03/07/11 511 W, 2 I - + 7 - 5 Weil's Department Store in Goldsboro, 1948 (Updated)


The News & Observer of February 10 and 11, 1948, tells more about this incident.The three-story building was the largest and oldest in Goldsboro. The fire started near a freight elevator on the second floor about 4:50 p.m. Employees and customers were safely evacuated. A “capacity crowd” at the presumably nearby Paramount Theater was evacuated within 10 minutes of the fire report.

“All available firefighting equipment” responded from Goldsboro, Wilson (26 miles), Kinston (27 miles), Mount Olive (15 miles), and Seymour Johnson Field (four miles). As a reader indicates, Faison (21 miles) also assisted. Distances from Google Maps. Also, observe the Mack quad in the picture, which was on the roster in Goldsboro in the 1920s.

The front wall of the building collapsed early in the evening. The intense heat broke 25 plate glass windows across Center Street, which was 250 feet wide. Crews worked to protect Goldsboro Book Store, which was located on the north side of Weil’s store. The building was built in 1865, and considered a landmark in town. 
 


Homer Ball / News & Observer photograph
 

The large amount of nitrate of soda stored in the store and the fear of explosion had police keeping spectators in a safe area. Not that you would notice from the above picture, that is. Water froze as it hit the building, with a stiff gale blowing out of the north threatening to spread the flames to other buildings. Four inches of snow had fallen when the fire broke out.

Mayor Scott Berkeley “took over the telephone” at the fire station (to dispatch?), so all firefighters could respond to the scene. The police chief ordered every officer to the scene, to assist the firemen, protect property, and keep the hundreds of spectators from “stepping on hot wires that were snapped by falling debris.”

Fire damage was confined to Weil’s and next-door Giddens Jewelry Store. Also damaged were Smith Hardware Store and Seymour Funeral Home, on a street in the rear of Weil’s. Flames damaged the roof of the funeral home. Crews used sledgehammers to get to the flames in the roof of the hardware store, adjoining the funeral home.

The fire was controlled in three hours. Damage was unofficially estimated at a million dollars. Only the elevator shaft remained standing the following more. Crews remained on scene all night, to prevent the spread of fire from the hot cinders being blown about by a stiff wind.

The north wall collapsed during the night, and brushed the back wall of the bookstore.

Two firefighters were injured. Lt. Lee Sanford of Goldsboro was treated at Goldsboro Hospital for shock and physical exhaustion, after falling at the scene at 11:40 p.m. Robert McCarter was treated at the fire station for shock and exposure and sent home.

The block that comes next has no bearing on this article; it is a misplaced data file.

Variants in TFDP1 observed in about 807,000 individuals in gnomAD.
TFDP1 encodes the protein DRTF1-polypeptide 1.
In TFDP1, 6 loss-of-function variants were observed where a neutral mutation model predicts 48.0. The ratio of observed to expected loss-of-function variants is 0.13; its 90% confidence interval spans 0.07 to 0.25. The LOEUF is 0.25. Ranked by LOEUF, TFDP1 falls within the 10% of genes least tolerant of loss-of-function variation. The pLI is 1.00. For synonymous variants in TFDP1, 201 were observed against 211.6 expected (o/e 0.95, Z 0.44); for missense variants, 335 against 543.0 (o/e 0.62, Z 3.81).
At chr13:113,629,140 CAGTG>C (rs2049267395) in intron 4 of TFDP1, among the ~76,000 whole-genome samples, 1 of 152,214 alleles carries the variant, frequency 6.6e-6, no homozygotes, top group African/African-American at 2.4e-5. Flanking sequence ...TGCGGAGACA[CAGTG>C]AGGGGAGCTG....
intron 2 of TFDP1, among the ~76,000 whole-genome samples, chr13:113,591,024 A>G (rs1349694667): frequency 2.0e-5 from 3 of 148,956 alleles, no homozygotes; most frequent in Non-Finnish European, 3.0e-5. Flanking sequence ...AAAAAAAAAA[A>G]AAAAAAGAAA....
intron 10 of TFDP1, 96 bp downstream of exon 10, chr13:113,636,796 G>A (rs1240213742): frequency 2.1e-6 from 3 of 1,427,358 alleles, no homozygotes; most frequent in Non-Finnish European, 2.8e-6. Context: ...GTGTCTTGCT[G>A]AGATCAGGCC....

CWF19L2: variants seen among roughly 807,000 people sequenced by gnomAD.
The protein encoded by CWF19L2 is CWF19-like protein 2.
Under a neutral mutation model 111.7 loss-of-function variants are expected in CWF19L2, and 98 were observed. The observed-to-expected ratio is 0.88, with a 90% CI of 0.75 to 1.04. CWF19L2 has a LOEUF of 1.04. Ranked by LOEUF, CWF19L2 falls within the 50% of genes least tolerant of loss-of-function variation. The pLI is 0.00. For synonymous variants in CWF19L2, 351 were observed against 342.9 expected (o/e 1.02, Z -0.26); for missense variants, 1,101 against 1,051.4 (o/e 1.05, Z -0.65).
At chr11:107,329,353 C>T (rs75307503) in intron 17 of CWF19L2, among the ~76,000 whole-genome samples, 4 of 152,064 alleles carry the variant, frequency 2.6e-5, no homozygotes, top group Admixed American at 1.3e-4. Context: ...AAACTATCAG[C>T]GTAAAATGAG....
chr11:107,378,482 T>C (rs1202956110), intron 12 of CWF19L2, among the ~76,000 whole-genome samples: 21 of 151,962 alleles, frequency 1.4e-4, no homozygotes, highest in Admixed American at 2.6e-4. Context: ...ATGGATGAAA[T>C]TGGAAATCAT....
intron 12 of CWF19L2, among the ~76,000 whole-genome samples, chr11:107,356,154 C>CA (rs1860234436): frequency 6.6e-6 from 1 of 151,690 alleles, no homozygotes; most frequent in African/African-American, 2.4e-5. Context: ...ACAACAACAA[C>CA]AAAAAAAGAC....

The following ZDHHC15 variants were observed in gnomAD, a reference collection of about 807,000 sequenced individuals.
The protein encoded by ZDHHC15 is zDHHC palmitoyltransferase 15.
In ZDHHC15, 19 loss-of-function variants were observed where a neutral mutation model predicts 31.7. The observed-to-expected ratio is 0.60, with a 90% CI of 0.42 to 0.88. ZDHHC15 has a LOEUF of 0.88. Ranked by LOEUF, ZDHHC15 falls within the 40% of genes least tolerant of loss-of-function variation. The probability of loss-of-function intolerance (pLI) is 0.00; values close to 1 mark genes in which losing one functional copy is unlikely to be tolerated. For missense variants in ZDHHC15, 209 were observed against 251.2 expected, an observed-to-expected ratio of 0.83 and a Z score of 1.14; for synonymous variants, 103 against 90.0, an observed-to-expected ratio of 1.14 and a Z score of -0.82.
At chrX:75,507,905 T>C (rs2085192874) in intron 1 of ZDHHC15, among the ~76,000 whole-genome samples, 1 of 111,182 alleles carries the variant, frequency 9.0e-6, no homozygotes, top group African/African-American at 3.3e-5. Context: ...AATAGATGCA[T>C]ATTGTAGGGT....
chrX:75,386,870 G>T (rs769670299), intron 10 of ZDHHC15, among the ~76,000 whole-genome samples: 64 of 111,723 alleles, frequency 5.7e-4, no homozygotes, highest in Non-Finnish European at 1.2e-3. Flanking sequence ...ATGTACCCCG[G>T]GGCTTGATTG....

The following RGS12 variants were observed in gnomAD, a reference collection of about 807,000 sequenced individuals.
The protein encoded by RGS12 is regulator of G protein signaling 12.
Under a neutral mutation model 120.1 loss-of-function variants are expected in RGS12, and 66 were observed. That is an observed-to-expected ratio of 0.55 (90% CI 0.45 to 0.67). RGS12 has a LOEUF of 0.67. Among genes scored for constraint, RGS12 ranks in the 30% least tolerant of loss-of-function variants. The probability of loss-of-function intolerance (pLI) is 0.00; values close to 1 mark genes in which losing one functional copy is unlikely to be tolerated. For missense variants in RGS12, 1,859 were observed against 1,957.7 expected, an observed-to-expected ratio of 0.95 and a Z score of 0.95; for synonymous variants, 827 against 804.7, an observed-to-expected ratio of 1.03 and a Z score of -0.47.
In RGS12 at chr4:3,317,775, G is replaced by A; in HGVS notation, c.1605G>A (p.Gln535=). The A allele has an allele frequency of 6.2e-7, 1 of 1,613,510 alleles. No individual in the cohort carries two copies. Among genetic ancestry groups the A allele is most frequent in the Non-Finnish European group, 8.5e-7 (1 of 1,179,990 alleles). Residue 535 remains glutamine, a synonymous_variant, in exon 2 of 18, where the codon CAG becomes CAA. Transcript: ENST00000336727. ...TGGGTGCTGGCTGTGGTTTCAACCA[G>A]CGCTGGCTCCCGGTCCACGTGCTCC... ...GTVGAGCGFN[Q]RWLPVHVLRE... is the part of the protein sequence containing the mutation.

Also found for sale on eBay, a 1948 wire service photo of Weil's Department Store in Greensboro Goldsboro burning something fierce. Don't know the month or day. Looks like winter. Click to enlarge:
 





I remember the fire. I was 5 at the time and lived in Snow Hill, some 20 miles east of Goldsboro. We could see the glow in the sky from the fire. It was a BIG one.
BE - 03/04/11 - 12:11

Thanks BE. That corrects the location to Goldsboro, not Greensboro, as the eBay seller indicated. Google finds the date, February 9, 1948. http://www.waynecountyhistoricalnc.org/h..
Legeros - 03/04/11 - 19:15

Mike I have a letter from the mayor of Goldsboro thanking our department for our response despite the blinding snow and freezing temperatures, at that time I believe only Goldsboro, Mt. Olive and Fremont had fire departments in Wayne County. Our department had to travel approx 25 miles to assist.
car3550 - 03/05/11 - 13:58

Interesting, what department is yours? Mt. Olive?
Legeros - 03/05/11 - 17:58

Faison
car3550 - 03/05/11 - 23:55

I remember this fire quite well, although I was only six at the time. Snow, especially one as heavy as that on the ground the day of the fire, is quite rare in Goldsboro. My parents were worried sick that night because my sister, Erline, who was a senior at Goldsboro High School, had failed to return home by her curfew. (Not a wise idea at my house!) It turned out that she and many other people had formed a fire brigade to provide coffee to the firemen. As I recall, she was exempted from the punishment that normally would have followed her lateness.
Beverly Griffin (Email) - 10/14/13 - 10:00

I was 7 years old at the time and remember the fire was being broadcast over local radio station. I believe this was a live broadcast but I am not sure.
John Tew - 08/05/17 - 16:23



  
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